None of the six justices on the opinion have explicitly stated that they were voting to overturn Roe v. Wade out of religious duty or that they opposed the separation of church and state. However, according to USA Today, Justice Coney Barrett argued in a 1998 article that judges should have the right to judge based on “ideological bias” and “that Catholic judges (if they are faithful to the teaching of their church) are morally precluded from enforcing the death penalty,” with a footnote pointing to similar arguments about recusal in abortion cases.

Judaism and Abortion 

I’d like to clarify that like with every religion, there are several branches of Judaism that vary on how strictly they adhere to religious rules, so a more orthodox Jew may have a different stance than myself. That said, the Jewish stance on abortion differs from the Catholic stance, and the decisions these Supreme Court Justices make should be made with all Americans in mind. In fact, a reported 83% of American Jews believe that abortion is a legal right.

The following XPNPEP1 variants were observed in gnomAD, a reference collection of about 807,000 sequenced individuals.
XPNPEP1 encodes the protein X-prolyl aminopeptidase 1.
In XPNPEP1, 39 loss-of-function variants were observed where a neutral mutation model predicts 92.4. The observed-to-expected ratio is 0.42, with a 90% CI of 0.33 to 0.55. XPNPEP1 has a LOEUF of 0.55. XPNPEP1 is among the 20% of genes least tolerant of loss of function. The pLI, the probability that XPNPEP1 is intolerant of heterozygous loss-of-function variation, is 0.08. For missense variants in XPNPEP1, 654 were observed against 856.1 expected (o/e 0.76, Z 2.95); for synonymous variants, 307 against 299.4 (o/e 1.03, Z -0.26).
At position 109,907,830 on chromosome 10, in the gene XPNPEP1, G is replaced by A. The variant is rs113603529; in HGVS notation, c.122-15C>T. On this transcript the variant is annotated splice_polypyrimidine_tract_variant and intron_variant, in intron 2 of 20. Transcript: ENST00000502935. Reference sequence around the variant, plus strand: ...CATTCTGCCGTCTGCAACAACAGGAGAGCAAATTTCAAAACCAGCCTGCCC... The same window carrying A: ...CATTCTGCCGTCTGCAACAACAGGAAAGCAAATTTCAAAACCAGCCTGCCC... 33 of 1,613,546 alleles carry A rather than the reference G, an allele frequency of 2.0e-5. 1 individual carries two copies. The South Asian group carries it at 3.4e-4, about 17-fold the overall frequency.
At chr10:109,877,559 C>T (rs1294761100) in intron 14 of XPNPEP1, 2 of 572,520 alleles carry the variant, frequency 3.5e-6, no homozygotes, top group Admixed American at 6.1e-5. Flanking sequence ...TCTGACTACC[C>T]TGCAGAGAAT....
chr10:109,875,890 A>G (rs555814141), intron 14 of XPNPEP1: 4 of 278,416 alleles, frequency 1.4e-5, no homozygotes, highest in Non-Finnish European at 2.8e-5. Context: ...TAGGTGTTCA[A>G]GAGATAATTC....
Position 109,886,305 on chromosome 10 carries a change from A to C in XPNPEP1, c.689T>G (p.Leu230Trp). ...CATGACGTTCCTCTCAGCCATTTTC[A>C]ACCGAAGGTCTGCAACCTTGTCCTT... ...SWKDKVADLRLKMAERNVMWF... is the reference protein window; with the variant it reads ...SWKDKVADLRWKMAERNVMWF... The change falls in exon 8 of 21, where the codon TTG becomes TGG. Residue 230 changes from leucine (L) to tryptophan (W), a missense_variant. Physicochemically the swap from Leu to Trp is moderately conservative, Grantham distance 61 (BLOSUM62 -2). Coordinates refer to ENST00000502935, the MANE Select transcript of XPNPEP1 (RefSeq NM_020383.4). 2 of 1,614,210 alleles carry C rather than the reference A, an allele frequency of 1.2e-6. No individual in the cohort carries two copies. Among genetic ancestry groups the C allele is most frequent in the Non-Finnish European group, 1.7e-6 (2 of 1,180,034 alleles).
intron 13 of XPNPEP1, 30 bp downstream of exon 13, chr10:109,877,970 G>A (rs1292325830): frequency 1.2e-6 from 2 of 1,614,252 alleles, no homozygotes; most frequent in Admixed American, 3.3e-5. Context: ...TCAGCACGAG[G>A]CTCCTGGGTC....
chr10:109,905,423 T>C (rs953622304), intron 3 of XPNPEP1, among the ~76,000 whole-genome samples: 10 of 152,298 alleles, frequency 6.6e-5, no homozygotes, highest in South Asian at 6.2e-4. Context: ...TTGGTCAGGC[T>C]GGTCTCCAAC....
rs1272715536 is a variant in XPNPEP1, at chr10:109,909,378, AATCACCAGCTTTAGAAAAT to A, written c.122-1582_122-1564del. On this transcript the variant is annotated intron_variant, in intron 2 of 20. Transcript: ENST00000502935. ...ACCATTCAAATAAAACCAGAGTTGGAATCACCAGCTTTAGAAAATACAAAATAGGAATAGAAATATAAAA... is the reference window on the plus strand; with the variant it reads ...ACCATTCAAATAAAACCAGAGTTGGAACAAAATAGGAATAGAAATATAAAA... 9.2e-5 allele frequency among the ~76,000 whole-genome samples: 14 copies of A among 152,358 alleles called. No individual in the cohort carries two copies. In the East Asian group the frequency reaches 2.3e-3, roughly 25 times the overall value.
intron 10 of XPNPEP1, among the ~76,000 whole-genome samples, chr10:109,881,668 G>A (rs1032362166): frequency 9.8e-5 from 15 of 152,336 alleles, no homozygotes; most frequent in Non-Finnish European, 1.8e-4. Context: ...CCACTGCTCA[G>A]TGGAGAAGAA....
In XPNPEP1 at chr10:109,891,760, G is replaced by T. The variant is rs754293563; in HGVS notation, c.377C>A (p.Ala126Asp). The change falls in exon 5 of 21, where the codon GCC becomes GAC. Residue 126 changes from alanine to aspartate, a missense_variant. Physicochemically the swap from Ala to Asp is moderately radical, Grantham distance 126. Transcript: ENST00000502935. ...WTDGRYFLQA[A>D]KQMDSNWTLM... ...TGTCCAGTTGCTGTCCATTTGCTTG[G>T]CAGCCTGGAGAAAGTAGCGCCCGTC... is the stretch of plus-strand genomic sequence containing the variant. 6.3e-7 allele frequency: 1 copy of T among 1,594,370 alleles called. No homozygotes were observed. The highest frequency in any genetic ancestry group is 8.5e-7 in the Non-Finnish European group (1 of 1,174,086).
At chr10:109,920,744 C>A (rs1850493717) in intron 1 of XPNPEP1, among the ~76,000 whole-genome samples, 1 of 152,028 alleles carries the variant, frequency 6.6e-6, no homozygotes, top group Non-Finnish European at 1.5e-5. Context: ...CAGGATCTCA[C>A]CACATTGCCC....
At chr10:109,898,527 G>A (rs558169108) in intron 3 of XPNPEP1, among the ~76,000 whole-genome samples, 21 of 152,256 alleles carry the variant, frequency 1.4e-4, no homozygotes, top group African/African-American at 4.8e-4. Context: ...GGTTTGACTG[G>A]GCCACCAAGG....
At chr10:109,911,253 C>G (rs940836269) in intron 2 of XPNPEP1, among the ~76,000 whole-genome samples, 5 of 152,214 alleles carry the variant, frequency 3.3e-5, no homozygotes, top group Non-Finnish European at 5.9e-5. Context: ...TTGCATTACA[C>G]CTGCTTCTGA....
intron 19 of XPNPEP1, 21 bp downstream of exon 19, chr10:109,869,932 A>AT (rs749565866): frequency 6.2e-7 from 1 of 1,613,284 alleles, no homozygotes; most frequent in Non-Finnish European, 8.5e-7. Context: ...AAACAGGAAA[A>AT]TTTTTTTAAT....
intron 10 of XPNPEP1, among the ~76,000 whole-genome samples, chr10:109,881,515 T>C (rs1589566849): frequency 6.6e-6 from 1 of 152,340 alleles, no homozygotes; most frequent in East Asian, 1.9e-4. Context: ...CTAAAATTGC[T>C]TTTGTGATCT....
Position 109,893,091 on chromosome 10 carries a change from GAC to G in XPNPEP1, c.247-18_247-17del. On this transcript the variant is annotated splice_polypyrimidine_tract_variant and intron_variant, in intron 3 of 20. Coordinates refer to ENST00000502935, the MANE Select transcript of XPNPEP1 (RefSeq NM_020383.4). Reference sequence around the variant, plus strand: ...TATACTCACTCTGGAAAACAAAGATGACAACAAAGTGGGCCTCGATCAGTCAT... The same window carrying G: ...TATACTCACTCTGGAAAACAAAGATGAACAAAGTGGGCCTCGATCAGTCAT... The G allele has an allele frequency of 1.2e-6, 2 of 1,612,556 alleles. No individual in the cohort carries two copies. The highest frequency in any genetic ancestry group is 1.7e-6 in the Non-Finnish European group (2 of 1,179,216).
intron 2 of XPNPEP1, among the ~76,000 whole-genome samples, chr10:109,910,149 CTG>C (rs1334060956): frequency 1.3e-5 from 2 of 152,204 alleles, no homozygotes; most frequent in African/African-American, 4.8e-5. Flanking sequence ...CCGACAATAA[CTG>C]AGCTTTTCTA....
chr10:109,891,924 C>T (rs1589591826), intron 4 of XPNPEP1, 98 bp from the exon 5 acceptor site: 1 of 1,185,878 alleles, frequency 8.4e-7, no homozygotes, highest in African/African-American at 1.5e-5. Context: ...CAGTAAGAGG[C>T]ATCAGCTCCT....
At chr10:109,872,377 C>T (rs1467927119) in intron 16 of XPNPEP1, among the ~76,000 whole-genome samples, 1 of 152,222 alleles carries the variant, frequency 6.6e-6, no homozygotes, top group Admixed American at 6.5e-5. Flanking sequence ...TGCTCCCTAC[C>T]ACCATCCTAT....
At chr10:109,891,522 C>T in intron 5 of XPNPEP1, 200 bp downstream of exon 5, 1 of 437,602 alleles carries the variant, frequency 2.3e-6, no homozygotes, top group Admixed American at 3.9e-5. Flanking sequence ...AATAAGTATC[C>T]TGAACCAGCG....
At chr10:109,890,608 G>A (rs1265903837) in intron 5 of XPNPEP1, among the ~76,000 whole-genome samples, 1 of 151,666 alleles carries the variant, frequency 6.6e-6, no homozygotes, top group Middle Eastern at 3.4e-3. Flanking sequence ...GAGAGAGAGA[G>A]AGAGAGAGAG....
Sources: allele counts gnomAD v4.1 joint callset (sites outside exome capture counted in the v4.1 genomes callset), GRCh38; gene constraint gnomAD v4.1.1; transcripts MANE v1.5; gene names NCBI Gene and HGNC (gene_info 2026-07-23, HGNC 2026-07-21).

In short, Judaism doesn't outlaw abortion. Jewish texts don’t cite life beginning at conception, nor do they legally consider a fetus to be a person. Furthermore, Jewish laws actually dictate that an abortion is required if the mother's life is at stake. Admittedly, more stringent branches of Judaism are stricter on abortion. But Jewish feminists have always been at the forefront in the battle for reproductive rights. Supreme Court Justice Ruth Bader Ginsburg, now known as a feminist icon, was a practicing Jew herself